I am sure a lot of readers wonder (or have done, or will do so) why I gave my blog a name in Spanish, Los Cuadernos de Julia. The truth is, i wanted to use it as my online notebook, but the URL containing the desired name was already taken, so I had to invent something… and here my avid readership came to the rescue.
‘Cuadernos’ as ‘notebooks’ are a normal part of life of many writers, which is what I am. These present cuadernos are, of course, slightly different, since I decided that I’d be posting here not only random quotations that I’ve been collecting for years, but also reflections on films, music, works of art, phrases I’ve heard or read elsewhere, musings about news stories, etc. I’ve been doing a similar thing on a website for several months, but sometimes there’s more to post than just a couple of quotes from my beloved Jacques Prevert.
My own mother, who isn’t a writer, also used to have two cuadernos – dark thick exercise-books, in which she had collected quotes and poems. When I was 12 or 13, she gave them to me, and some content influenced me quite profoundly. And providing you have read Llosa’s novel, you surely know that cuadernos played a crucial part in the story. So, it is from these two experiences, plus a couple of ‘tangible’ cuadernos I have already had in my life, that the idea for this blog’s title has originated.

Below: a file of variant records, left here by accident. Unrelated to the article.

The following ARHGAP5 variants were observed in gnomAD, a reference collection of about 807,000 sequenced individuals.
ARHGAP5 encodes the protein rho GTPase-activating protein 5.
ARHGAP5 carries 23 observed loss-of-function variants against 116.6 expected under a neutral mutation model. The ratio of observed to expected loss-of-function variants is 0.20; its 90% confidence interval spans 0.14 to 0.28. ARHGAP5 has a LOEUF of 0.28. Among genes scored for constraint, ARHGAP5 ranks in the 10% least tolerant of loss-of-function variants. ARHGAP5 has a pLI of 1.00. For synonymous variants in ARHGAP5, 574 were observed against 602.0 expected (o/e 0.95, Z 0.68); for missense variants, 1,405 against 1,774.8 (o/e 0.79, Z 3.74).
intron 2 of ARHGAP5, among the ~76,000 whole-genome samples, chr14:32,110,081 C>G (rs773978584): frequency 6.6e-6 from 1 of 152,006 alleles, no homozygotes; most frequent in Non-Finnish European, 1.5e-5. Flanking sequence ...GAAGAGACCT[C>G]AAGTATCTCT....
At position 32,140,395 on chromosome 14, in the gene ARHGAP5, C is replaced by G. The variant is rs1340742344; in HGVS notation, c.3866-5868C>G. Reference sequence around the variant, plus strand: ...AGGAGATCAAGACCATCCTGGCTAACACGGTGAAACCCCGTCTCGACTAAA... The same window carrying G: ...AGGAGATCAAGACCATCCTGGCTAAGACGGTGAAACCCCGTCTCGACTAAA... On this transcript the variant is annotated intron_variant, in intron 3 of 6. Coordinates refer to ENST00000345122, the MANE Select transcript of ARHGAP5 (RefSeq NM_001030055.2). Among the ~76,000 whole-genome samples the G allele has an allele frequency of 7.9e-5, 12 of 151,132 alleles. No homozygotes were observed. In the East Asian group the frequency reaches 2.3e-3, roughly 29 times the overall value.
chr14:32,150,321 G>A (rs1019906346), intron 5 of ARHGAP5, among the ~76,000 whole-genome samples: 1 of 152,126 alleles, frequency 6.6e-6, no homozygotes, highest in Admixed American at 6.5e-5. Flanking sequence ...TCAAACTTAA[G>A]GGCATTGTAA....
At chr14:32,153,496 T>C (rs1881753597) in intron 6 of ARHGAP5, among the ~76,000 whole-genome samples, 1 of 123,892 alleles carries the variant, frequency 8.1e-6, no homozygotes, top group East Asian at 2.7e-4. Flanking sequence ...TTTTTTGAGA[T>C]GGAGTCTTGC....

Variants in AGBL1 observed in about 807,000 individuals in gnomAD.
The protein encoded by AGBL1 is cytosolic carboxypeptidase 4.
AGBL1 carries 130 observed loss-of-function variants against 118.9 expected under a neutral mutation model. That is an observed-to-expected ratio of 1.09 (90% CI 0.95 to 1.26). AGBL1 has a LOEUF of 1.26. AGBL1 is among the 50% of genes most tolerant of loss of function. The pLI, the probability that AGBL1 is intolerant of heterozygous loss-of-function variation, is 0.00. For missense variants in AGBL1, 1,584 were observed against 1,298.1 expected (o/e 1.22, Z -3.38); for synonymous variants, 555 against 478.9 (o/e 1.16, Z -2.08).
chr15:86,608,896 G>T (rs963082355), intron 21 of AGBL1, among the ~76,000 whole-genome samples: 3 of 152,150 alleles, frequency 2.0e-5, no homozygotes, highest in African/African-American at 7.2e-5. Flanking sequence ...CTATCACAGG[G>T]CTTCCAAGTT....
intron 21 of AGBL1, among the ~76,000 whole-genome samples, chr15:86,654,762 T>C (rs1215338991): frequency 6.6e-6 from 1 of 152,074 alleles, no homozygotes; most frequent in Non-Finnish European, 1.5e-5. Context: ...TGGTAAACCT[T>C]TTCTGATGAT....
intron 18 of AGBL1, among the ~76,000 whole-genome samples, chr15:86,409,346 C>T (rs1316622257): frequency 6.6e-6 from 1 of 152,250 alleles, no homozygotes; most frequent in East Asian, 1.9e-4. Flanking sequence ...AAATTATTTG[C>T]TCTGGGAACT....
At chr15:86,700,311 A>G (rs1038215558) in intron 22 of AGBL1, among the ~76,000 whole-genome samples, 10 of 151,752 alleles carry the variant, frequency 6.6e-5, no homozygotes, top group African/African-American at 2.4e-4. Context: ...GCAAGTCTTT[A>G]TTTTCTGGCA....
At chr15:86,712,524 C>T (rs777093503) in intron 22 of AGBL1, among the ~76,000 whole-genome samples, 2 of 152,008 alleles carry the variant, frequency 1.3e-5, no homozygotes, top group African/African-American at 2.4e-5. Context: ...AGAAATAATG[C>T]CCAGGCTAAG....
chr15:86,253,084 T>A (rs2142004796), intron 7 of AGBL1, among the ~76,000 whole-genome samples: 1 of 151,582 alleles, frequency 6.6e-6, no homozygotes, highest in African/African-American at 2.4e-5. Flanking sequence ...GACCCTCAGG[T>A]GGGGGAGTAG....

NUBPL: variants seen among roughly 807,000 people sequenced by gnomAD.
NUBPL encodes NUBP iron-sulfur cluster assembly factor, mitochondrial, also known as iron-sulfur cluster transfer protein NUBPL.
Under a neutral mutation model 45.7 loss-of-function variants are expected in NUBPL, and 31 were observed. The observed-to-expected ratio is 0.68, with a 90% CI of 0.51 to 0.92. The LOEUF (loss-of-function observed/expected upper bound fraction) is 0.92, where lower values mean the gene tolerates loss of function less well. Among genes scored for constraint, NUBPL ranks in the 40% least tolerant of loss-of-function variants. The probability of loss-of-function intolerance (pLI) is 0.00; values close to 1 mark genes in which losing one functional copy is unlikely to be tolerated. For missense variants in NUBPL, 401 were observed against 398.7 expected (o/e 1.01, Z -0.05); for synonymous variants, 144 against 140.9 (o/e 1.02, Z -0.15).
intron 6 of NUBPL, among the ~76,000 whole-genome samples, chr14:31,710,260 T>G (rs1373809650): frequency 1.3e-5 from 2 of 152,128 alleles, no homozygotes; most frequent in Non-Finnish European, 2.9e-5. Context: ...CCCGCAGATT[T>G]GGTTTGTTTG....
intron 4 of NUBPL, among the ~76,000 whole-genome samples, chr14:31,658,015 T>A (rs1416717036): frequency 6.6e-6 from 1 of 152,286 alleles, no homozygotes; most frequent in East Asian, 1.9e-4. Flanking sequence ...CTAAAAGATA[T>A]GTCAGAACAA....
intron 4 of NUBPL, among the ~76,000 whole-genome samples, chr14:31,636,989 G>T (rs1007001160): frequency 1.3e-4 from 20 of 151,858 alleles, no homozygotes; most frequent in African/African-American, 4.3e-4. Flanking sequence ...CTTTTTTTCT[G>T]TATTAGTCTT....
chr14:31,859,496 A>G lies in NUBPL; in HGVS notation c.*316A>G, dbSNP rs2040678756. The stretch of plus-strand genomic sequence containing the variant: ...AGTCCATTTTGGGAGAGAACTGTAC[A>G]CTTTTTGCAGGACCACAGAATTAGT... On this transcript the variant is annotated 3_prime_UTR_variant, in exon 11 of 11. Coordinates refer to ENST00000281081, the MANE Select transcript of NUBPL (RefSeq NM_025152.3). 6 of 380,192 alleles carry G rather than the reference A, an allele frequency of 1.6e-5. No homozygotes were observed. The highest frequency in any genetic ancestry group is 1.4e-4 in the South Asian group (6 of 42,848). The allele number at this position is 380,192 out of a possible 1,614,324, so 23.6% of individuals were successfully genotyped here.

My blog as ‘cuadernos’
For a while I wasn’t sure whether to start a blog or not. Two things have finally compelled me to do so. First, the main page of my web radio programme’s website has become way too small for everything I want to put on it. Half of those things will never make it to the programme, like The Quotes on the Front Page, or some news stories, or various other stuff. Yet I do want to share these things with everyone who is interested, hence I have finally succumbed to blogging.
Secondly, I have never managed or even wanted to write a diary, if the diary is to be understood as a narration of one’s private everyday life. However, the notebooks are different, especially because I’m a writer. So, while using the form of a diary, I’m essentially creating no more or less than a writer’s open notebook. Many things will still be left behind, for one reason or another, but I’m glad I’ll be able to do what few publications would allow me to do, not to mention the restrictions of the radio format.
As for the content, it will hardly be up for any strict systematisation, bearing in mind that its author is also a qualified historian who knows a couple of languages and has many side interests. The only thing that consoles me is that even Umberto Eco’s brilliant ideas are reportedly jotted down on small pieces of paper that are scattered around his flat or stuck in the professor’s case. At least, I’ve got ‘categories’ and ‘tags’…